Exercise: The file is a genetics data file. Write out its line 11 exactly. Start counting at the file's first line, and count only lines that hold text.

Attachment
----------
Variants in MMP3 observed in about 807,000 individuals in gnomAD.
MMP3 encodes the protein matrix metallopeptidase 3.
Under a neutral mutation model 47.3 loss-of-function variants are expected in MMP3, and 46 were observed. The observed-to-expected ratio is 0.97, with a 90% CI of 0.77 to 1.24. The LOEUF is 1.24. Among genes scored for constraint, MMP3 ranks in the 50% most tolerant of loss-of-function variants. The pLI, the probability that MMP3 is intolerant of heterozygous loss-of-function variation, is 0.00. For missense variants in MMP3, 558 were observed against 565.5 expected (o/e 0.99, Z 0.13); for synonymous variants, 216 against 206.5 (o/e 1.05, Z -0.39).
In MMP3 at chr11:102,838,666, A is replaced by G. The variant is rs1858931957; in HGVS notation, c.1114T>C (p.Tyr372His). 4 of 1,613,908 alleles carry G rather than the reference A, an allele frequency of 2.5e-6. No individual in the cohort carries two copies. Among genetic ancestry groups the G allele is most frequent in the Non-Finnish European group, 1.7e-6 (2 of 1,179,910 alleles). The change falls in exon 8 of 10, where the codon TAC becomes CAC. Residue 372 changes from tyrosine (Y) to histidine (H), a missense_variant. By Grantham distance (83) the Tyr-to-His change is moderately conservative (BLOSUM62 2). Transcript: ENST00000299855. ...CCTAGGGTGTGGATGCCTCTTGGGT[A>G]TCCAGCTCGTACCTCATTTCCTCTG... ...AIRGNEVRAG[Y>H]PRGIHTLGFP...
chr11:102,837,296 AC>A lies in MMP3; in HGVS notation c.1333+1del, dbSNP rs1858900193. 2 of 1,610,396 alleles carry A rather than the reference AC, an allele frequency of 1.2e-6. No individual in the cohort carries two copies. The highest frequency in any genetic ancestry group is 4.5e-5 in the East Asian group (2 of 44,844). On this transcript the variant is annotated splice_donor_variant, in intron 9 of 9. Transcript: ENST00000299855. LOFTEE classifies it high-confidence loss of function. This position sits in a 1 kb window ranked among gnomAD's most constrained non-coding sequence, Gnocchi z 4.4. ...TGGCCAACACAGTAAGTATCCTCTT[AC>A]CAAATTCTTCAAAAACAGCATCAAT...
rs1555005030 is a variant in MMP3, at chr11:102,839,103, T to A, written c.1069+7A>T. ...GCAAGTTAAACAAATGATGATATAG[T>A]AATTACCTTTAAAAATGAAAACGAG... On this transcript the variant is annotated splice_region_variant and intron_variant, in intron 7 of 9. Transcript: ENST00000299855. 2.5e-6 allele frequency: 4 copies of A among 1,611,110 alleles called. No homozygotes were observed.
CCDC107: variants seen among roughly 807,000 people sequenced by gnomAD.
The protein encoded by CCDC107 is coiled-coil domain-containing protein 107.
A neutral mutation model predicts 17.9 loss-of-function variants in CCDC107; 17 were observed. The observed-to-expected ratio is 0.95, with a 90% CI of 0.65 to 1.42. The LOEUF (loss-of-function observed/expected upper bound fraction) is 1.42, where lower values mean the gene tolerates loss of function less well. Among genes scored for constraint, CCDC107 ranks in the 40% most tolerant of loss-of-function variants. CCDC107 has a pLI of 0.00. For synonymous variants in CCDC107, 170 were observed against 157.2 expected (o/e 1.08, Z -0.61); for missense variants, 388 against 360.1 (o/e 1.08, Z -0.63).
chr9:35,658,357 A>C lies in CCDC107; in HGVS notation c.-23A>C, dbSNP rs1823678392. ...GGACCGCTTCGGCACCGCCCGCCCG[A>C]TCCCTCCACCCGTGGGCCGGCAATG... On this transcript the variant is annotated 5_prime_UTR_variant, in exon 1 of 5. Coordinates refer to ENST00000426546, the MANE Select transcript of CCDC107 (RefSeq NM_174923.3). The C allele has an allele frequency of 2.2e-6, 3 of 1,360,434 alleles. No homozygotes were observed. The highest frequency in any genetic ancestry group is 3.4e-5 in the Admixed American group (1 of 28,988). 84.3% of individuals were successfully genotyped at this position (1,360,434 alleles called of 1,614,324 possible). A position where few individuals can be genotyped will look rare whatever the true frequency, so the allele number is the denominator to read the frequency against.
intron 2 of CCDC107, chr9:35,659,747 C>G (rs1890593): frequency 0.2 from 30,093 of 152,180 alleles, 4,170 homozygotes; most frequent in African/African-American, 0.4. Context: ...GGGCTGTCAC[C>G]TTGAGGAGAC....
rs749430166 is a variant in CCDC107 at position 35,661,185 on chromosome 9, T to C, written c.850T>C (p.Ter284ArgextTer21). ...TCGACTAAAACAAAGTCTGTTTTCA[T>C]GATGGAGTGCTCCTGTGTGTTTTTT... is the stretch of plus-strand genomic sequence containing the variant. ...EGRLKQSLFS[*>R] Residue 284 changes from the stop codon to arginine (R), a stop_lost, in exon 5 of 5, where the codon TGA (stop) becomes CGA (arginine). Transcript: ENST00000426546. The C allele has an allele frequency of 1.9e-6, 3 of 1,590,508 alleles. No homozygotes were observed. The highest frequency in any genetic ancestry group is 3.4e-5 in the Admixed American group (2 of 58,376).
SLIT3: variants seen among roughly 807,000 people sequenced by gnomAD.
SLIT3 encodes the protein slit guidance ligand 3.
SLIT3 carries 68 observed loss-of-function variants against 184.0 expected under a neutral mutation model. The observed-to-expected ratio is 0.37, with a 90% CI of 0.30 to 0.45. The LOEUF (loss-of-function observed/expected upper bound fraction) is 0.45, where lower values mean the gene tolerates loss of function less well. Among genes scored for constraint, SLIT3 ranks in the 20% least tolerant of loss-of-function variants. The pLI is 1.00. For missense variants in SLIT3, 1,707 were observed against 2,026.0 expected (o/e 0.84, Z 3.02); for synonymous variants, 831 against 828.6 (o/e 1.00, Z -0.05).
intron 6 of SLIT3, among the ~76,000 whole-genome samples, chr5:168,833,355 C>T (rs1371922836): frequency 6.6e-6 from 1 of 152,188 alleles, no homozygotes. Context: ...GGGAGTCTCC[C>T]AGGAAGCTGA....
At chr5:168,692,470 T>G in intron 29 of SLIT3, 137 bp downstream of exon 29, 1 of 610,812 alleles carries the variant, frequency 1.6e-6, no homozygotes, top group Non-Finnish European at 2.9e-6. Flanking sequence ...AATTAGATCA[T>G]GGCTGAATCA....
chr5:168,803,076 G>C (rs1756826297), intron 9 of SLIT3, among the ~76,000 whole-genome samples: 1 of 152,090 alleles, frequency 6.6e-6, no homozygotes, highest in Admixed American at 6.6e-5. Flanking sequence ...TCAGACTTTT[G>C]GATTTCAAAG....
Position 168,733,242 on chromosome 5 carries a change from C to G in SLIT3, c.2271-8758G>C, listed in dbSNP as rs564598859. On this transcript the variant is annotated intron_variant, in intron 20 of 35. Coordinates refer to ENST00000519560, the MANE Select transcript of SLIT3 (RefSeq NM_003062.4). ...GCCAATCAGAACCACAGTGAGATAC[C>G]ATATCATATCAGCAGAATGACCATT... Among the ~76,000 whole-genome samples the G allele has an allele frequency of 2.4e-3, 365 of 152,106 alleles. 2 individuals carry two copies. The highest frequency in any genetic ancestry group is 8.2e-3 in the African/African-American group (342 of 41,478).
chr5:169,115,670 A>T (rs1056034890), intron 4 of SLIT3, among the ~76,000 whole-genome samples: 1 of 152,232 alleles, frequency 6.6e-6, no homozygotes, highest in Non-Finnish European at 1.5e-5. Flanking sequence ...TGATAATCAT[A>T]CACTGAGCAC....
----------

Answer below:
intron 2 of CCDC107, chr9:35,659,747 C>G (rs1890593): frequency 0.2 from 30,093 of 152,180 alleles, 4,170 homozygotes; most frequent in African/African-American, 0.4. Context: ...GGGCTGTCAC[C>G]TTGAGGAGAC....